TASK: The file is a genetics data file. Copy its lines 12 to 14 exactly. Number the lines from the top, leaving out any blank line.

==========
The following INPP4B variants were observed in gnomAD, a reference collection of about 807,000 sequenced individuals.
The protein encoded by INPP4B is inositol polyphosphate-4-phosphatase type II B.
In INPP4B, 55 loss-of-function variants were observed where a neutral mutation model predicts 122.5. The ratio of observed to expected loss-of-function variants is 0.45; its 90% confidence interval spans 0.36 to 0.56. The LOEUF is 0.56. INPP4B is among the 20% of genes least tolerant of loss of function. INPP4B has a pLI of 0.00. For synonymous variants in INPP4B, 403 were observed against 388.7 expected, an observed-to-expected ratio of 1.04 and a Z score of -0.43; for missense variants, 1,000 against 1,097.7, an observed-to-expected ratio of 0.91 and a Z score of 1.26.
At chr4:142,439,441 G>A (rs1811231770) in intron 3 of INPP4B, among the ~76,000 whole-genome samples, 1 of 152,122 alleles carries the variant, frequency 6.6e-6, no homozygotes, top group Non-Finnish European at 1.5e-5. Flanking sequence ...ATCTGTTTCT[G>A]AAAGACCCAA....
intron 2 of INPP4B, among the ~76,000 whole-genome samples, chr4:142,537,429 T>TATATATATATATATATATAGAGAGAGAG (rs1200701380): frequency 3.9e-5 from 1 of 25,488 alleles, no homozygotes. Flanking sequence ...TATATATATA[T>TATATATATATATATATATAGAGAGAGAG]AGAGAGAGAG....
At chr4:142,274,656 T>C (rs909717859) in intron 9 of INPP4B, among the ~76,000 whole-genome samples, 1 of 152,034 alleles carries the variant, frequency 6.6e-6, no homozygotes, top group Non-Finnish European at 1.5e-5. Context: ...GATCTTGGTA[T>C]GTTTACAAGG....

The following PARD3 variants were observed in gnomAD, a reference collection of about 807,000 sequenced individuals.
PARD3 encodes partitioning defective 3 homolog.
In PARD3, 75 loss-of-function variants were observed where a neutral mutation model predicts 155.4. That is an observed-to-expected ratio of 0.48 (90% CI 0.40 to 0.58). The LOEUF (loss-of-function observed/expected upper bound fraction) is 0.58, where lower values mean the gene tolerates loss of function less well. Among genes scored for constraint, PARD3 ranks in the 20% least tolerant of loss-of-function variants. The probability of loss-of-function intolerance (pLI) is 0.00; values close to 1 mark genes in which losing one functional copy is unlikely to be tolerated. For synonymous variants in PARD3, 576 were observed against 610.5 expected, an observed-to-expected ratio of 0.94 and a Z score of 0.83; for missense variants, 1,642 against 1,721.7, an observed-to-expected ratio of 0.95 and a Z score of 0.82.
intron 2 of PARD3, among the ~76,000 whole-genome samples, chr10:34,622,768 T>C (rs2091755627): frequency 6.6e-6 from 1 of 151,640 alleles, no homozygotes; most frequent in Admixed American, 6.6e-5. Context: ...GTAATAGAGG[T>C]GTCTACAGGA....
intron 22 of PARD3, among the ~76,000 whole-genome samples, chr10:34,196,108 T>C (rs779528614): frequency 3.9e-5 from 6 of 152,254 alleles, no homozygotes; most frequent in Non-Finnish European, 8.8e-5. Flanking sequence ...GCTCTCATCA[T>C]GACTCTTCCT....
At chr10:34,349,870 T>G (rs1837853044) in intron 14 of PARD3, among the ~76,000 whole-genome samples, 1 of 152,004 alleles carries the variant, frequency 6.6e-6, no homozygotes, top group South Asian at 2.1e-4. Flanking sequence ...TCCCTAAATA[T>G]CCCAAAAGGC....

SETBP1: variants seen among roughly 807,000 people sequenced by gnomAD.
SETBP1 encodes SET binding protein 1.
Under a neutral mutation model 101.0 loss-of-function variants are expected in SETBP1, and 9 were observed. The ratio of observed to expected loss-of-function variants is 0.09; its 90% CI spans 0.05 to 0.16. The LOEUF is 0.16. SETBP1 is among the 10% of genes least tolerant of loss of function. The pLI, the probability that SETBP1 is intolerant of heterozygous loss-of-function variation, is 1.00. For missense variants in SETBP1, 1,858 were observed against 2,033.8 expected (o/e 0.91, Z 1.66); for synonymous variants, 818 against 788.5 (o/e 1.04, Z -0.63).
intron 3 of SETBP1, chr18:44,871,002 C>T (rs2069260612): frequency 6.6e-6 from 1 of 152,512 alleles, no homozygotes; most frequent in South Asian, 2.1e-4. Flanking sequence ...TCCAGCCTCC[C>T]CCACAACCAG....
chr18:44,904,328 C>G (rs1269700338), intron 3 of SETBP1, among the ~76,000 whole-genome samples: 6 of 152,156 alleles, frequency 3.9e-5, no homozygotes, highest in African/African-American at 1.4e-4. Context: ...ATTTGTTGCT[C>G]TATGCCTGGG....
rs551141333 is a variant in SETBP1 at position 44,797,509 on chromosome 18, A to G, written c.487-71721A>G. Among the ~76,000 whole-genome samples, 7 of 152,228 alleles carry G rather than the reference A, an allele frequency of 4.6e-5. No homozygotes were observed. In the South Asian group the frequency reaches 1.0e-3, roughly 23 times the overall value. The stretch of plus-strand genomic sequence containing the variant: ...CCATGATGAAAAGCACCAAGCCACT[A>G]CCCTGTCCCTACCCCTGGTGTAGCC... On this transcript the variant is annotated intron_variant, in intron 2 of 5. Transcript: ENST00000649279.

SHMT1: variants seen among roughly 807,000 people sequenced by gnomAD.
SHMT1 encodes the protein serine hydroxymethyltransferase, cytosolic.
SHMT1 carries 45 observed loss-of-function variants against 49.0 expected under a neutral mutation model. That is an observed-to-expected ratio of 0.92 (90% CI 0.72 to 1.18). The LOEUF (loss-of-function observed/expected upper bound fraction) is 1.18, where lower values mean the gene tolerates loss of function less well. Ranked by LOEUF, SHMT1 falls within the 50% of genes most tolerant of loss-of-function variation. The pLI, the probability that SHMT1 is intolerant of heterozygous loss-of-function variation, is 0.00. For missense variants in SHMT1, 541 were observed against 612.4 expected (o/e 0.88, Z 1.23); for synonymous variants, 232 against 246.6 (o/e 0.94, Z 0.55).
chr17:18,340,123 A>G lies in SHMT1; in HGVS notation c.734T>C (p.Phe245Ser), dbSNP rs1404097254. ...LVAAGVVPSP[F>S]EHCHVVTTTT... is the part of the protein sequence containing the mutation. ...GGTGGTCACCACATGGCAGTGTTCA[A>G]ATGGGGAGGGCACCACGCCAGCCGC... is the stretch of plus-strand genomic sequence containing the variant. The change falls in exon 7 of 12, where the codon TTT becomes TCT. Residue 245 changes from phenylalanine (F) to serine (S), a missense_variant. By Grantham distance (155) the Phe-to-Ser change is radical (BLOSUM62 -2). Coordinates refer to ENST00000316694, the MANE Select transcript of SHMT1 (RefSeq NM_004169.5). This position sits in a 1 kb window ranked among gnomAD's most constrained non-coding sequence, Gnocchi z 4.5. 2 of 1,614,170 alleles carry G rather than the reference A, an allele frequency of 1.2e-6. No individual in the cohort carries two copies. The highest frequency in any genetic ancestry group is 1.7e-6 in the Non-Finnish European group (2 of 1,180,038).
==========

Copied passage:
At chr10:34,349,870 T>G (rs1837853044) in intron 14 of PARD3, among the ~76,000 whole-genome samples, 1 of 152,004 alleles carries the variant, frequency 6.6e-6, no homozygotes, top group South Asian at 2.1e-4. Flanking sequence ...TCCCTAAATA[T>G]CCCAAAAGGC....

SETBP1: variants seen among roughly 807,000 people sequenced by gnomAD.
SETBP1 encodes SET binding protein 1.